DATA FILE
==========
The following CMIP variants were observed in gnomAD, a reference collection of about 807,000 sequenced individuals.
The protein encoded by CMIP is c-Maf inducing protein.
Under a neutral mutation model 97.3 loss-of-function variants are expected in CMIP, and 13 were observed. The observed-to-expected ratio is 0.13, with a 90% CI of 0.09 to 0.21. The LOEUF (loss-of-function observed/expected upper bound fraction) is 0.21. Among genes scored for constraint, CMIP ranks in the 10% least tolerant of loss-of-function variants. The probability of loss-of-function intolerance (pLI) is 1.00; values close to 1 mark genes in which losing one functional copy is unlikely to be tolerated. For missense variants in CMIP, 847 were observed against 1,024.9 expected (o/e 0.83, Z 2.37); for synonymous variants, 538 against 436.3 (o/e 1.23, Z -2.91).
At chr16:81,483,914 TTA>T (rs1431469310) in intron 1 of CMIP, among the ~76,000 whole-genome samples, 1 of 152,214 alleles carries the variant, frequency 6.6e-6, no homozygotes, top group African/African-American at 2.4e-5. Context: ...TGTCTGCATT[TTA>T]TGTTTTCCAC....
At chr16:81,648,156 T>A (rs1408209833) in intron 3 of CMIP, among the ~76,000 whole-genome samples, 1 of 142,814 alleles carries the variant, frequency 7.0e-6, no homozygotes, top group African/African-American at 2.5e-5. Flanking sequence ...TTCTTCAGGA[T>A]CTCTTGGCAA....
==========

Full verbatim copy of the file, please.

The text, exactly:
The following CMIP variants were observed in gnomAD, a reference collection of about 807,000 sequenced individuals.
The protein encoded by CMIP is c-Maf inducing protein.
Under a neutral mutation model 97.3 loss-of-function variants are expected in CMIP, and 13 were observed. The observed-to-expected ratio is 0.13, with a 90% CI of 0.09 to 0.21. The LOEUF (loss-of-function observed/expected upper bound fraction) is 0.21. Among genes scored for constraint, CMIP ranks in the 10% least tolerant of loss-of-function variants. The probability of loss-of-function intolerance (pLI) is 1.00; values close to 1 mark genes in which losing one functional copy is unlikely to be tolerated. For missense variants in CMIP, 847 were observed against 1,024.9 expected (o/e 0.83, Z 2.37); for synonymous variants, 538 against 436.3 (o/e 1.23, Z -2.91).
At chr16:81,483,914 TTA>T (rs1431469310) in intron 1 of CMIP, among the ~76,000 whole-genome samples, 1 of 152,214 alleles carries the variant, frequency 6.6e-6, no homozygotes, top group African/African-American at 2.4e-5. Context: ...TGTCTGCATT[TTA>T]TGTTTTCCAC....
At chr16:81,648,156 T>A (rs1408209833) in intron 3 of CMIP, among the ~76,000 whole-genome samples, 1 of 142,814 alleles carries the variant, frequency 7.0e-6, no homozygotes, top group African/African-American at 2.5e-5. Flanking sequence ...TTCTTCAGGA[T>A]CTCTTGGCAA....